• Mariana Da Silva

Film Talk: Now Entering: "Days of the Whale," Grief, and Refuge

"In this 2019 Colombian film (which scored a 100% on Rotten Tomatoes), Cris and Simon are two young graffiti artists who combat the battle for power among their city with art."

There is a group of people that exist in limbo. The immigrants, migrants, any one who has to say a Latinx, Asian, or African before they can say ‘American.’ Have you ever wondered what it’d be like to step fully into the world you hear family members sighing over? Have you ever wondered what it would be like coming of age or even being a young adult in South America? It is something I often think about. Having migrated here when I was eleven, I find I am attached to films that tell the story of what my upbringing would have been had my parents not brought me to the United States.


Last month I was introduced to a very special film: Days of the Whale, directed by Catalina Arroyave Restrepo. In this 2019 Colombian film (which scored a 100% on Rotten Tomatoes), Cris and Simon are two young graffiti artists who combat the battle for power among their city with art. The two defy a criminal gang when they decide to paint the mural of a whale over a threat written on a wall. The film, driven by the pair’s love for one another, their band of struggling artists, and their craft, weaves an important portrait of Columbia and the enduring qualities of those who inhabit it.

The film has a seductive tension that makes it hard to look away. The music and city sounds add to the chaos, while the performances are grounded, natural, and authentic. There is a fear in the air from living in a city where crime haunts. My favorite part of the film is the connection between art and chosen family. The local well intentioned artists find one another through shared passion and ethics, using an old house “La Selva” as refuge.


Refuge. Something we all need. But our homes where we usually decompress and unwind have become our offices, restaurants, coffee shops, and salons. My refuge was going to the movie theater. It was my weekly activity. Ah, the good old days! Taking a break in the middle of the day, attending a matinee at my local theater– these were my salvation to L.A’s summertime heat. My refuge awashed me in frigid air condition and fictional scenes.


Then, three months ago, I received an invitation to attend a Zoom meeting with my favorite theater Bati Cine en Tepoztlan, the pueblo in Mexico by my home city. The theater is run by two incredible women: Viviana Garcia Besné and Elisa Miller. Despite a constant case of Zoom fatigue I attended. It quickly became clear to me that through this virtual world we are currently in, I could attend all the things I usually miss because of distance. I felt energized, inspired. I found my new refuge. El Cine and Bati Cine immediately came together to unite cinephiles from all over the world.

These Zooms led us to in-depth conversations about films, with truly the most beautiful multicultural crowd I’ve ever witnessed. In Days of the Whale, there is such a relatable and moving juxtaposition between the danger lurking outside and the safe space inside the chosen family. I saw the darkness of feeling isolated in your own home reflected in these scenes, and I escaped into it.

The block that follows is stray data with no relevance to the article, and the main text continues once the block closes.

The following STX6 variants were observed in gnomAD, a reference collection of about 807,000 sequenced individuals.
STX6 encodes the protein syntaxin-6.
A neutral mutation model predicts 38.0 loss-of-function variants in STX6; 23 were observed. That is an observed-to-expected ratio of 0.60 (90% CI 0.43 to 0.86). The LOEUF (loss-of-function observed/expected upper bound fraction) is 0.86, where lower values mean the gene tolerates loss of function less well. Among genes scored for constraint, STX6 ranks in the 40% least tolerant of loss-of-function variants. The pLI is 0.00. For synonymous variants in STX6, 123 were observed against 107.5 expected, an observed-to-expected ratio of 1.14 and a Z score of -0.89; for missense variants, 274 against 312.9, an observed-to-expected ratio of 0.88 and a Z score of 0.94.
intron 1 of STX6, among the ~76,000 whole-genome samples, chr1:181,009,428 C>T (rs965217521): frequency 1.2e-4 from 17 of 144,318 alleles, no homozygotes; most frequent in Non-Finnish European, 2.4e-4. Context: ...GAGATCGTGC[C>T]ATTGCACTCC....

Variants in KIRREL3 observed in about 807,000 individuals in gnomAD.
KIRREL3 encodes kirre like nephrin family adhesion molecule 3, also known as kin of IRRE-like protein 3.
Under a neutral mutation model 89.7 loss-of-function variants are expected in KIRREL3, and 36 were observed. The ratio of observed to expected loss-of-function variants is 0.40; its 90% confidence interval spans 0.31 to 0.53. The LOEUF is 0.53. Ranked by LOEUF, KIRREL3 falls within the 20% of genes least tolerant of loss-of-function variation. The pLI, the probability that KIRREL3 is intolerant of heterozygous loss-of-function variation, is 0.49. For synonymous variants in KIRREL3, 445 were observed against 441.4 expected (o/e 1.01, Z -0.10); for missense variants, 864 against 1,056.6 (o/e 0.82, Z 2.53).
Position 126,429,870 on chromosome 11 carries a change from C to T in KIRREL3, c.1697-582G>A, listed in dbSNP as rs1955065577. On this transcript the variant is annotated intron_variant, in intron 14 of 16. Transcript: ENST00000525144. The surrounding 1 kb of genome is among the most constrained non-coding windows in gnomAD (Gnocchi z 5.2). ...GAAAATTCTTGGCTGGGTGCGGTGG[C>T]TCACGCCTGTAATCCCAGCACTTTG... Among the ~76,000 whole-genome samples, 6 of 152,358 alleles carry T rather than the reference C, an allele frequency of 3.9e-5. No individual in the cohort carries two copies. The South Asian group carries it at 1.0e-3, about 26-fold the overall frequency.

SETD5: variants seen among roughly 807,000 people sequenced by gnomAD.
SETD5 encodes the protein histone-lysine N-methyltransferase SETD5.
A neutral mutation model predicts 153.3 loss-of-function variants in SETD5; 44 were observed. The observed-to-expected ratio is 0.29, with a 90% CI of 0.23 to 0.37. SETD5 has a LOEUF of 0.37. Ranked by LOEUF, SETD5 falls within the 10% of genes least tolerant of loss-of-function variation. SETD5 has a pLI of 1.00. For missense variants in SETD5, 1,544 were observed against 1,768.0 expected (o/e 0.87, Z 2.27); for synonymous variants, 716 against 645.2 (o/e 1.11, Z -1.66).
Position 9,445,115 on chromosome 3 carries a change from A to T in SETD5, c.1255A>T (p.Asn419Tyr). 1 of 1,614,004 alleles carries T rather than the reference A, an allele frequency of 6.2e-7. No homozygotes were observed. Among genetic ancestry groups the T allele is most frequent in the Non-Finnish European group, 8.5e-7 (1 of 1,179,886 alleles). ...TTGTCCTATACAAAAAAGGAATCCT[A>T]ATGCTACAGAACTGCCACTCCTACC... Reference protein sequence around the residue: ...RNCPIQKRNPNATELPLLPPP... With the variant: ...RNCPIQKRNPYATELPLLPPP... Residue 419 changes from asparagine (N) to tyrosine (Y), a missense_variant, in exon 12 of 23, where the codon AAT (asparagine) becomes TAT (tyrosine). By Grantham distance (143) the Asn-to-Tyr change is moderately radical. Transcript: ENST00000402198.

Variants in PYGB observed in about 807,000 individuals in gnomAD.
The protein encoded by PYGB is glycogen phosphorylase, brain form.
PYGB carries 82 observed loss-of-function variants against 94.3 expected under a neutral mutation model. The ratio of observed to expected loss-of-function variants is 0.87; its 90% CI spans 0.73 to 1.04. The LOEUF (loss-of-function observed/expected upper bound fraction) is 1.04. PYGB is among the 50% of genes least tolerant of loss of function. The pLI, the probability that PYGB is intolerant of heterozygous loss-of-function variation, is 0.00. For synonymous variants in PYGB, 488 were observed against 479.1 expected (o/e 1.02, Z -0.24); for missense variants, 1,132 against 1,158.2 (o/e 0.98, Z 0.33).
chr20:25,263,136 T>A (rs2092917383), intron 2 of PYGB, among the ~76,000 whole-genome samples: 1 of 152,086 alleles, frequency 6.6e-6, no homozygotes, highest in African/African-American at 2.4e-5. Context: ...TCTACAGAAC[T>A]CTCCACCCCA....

Catalina, who directed the film talks about growing up in Medellin, Colombia, the country’s second largest metropolis who once held the reputation of the world’s most dangerous city in the 90’s. She told SXSW, “I was born and raised in Medellín, a city that has struggled for years with a history of violence, and that is mostly a conservative town. My spirit crashed against different structures while becoming a woman in this context: my family, my private school and university, the mafia culture of the city, the control gangs have of the territory and the way you´re supposed to be a woman here. This film is the result of this permanent crashing against something.” Yet, while growing up amidst so much conflict, Catalina still holds a “nostalgic feeling” for those that grew up with her and felt the teenage rush of invincibility in all the chaos. “Days Of the Whale talks about those days of being lost but feeling powerful.”


It is transparent that the film is made with love, featuring emerging independent music and visual artists from Medellin. The film is intimate, open, and full of breathtaking risks.

Society is going through a growth spurt in the face of so much loss. Now, when I wake up and see the same four walls, the death count on the TV screen in front of a grieving Beirut or gallons of oil off the coast of Mauritius, I see a whale.


“The whale is a metaphor for lost innocence; that intensity we lose over time. Something within us dies when we face life’s harsh realities. In the film the whale dies but it’s reincarnated as the graffiti painting. It’s also a metaphor for what the people of my city decide not to see even though reality is facing them on every street corner. But I also want it to be a mystery, something that each viewer discovers for themselves,” Catalina told Medium.


I discovered my mystery. This film showed me a refuge. This is our Days of the Whale.


You can order a virtual screening of the film here.

Meet the Family

Mariana Da Silva is a Brazilian Mexican writer/actress who lives in Los Angeles. She is the founder of El Cine, a Latin Film Organization that promotes film education and charitable giving. Mariana has appeared on Telenovelas and TV series, her credits include El Rostro De Analia, Las Dos Caras de Ana and NCIS. Mariana's  short films have appeared at festivals world wide.

Mariana is right handed. 


www.somoselcine.org

  • Instagram - White Circle
  • White Twitter Icon

© 2019 Designed by a very hardworking woman.

contact: hello@ourhouse.la